Coming to us all the way for the tiny island nation of Japan is Grief of War and these guys borrow heavily from the past heroes of thrash metal, yet inject the sound with enough modern nuances to make the music sound much more in the now. Worship is brimming with some exciting metal moments complete with the thrash prerequisite speedy passages that stop on a dime and fall into electric mid tempo grooves that are certain to work out the abs. The vocals remind me of Bay Area thrashers Vio-Lence as they cut through the mid range distorted guitars and double bass drum thunder, while the rest of the band resembles early era Exodus or Testament. Slip into your skin tight black denim jeans, cut off the sleeves to any one of your black t-shirts with some demonic looking logo on it, strap on your white high top sneakers, and prepare to mosh yourself into oblivion!
“Crack of Doom” opens Worship with a razor sharp guitar riff played a million times light speed. Perfectly distorted, those guitars plow through the senses like a runaway train down the side of a mountain. And then, before you know it, the classic mosh part kicks in. Just after the band joins into a gang chant of the songs title they shift the tempo to something with a bit more room to breathe, a little more space for the guitar solos to flex their muscle and show a thing or two before getting buried by the weight of the speed riffagery. And speaking of guitar solos, man . . . these guys have some serious chops! Note the technical shift from the solo over the mid tempo break to the solo over the speedy passages, and then as the two guitars return together and harmonize with one another . . . well, it’s just fucking special!
“New Kind of Wicked” features some more stellar guitar work as these guys flutter their technical proficiency over a great mid tempo riff. Excellent break at the midpoint of the song! Nice effect of dropping the band from the groove, allowing the guitar in the left speaker to power out its carnage, and then the timing of the re-entrance of the band into the groove is as powerful as it gets. “Lost” has a distinctive Metallica vibe going on . . . think “Blackened” and prepare to thrash your way through the day. Full throttle speed metal with little flourishes of guitar virtuosity make this tune a stand out, pushing the band to their limits, yet keeping the whole thing together and bringing the tune home with a touch of class. I’m not sure how the guys at Prosthetic Records keep finding these gems, but we’ll let them continue doing what they’re doing coz’ they do better than most!
Coming out of Wisconsin, Hebron have deposited one hell of a brutal slab on the unsuspecting. Resurrection is gritty fair that stands an arm’s length away from current American metal masters, Lamb of God. Detuned and explosive, Resurrection is the sound of big and burly dudes beating up wimps with other wimps as weapons. There’s a savagery to this album that doesn’t sound planned or refined, it’s all very natural and violent sounding, and that’s a good thing. Like ravenous beasts running wild in nature, hunting down their next kill, devouring the young and the weak . . . Hebron’s approach feels more like a lifestyle or a matter of survival than a hobby. It’s called integrity; folks . . . more bands need to subscribe to it.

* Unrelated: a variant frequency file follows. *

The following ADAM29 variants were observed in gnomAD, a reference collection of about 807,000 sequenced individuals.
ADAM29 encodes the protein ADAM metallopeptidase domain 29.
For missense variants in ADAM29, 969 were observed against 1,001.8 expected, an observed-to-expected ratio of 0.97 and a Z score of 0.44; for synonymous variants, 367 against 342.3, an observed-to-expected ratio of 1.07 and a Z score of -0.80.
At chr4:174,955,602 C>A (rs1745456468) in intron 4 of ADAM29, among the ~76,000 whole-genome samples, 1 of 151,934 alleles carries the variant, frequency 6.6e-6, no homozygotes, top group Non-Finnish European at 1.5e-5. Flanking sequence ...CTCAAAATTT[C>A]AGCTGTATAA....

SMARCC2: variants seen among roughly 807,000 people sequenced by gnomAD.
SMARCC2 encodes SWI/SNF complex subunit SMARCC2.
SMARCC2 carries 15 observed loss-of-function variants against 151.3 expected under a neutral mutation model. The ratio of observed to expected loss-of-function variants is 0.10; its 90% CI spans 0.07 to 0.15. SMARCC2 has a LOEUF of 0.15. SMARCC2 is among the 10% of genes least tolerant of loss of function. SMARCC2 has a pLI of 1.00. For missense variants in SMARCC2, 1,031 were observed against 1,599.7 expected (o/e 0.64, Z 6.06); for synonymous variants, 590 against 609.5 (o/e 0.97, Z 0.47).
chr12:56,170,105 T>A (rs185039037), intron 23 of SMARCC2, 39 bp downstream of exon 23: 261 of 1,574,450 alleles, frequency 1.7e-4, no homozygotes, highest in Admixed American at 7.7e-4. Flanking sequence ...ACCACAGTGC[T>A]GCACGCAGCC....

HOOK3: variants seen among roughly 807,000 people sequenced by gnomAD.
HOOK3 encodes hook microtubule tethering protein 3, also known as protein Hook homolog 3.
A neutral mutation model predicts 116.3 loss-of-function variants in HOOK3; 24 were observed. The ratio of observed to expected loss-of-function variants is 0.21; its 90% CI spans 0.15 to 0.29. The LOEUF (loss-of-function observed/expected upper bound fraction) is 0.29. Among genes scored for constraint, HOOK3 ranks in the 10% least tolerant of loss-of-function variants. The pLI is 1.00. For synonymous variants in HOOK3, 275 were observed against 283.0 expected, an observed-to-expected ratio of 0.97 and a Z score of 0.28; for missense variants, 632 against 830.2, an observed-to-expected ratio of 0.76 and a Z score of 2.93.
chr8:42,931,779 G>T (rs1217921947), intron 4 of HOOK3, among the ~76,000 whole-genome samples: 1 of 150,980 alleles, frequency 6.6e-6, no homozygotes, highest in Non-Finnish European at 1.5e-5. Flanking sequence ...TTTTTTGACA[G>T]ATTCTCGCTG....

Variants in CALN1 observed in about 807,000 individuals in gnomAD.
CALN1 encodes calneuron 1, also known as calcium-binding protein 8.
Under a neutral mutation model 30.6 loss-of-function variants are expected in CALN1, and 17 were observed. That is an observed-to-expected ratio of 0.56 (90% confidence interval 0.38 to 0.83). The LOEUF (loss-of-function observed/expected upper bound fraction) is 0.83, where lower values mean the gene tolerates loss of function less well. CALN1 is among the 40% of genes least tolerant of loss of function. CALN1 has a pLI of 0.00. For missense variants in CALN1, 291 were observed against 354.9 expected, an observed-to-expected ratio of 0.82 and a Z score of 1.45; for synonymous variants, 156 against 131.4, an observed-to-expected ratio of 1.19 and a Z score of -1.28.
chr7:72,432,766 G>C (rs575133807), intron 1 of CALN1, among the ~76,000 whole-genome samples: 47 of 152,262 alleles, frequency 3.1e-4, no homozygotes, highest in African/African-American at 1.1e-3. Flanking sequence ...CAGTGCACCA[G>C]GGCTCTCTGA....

“Reformed” opens the album with a blistering onslaught of double bass drums, guitars distorted to the point near muddiness, and vocals so raw that one can almost envision chucks of flesh from this guys throat being propelled through the air with every bellow uttered. But, while all of this brutality is being unleashed, there are moments of technical proficiency shining on. Subtle little things like one of the guitars adding flurries of notes to counter the straight ahead pummeling of the second guitar. And then, of course, there’s the midpoint break or mosh part that drops in and hammers away at the senses. This tune is well executed in that it provides the metal abrasiveness that we’ve all come to know and expect from the genre and melds with subtle dynamics that keeps this form of music interesting.
In fact, Hebron does a good job of mixing in the virtuosic moments throughout the course of the album. “Ignorance,” for instance, features that wall of dissonant aggression but the band mixes in just enough melodic guitar work to show that they have their chops in place. The slowed down portion at the end of the tune gives us a glimpse of the layers of talent that these guys possess. And then, as “Ignorance” drifts away, the intro to “Projection of Death” eases us into a place of complacency, which lasts all of a couple of seconds before the walls of sound assail our senses again. And then, there’s “Devil Cleaning” and the nifty guitar flourishes that are dropped on us before the heavily distorted guitars chug along, shifting from one speaker to the next, and then burst into an overwhelming flurry of angst. It’s an amazingly heavy tune that demands your attention. You’ve been warned! - Pope JTE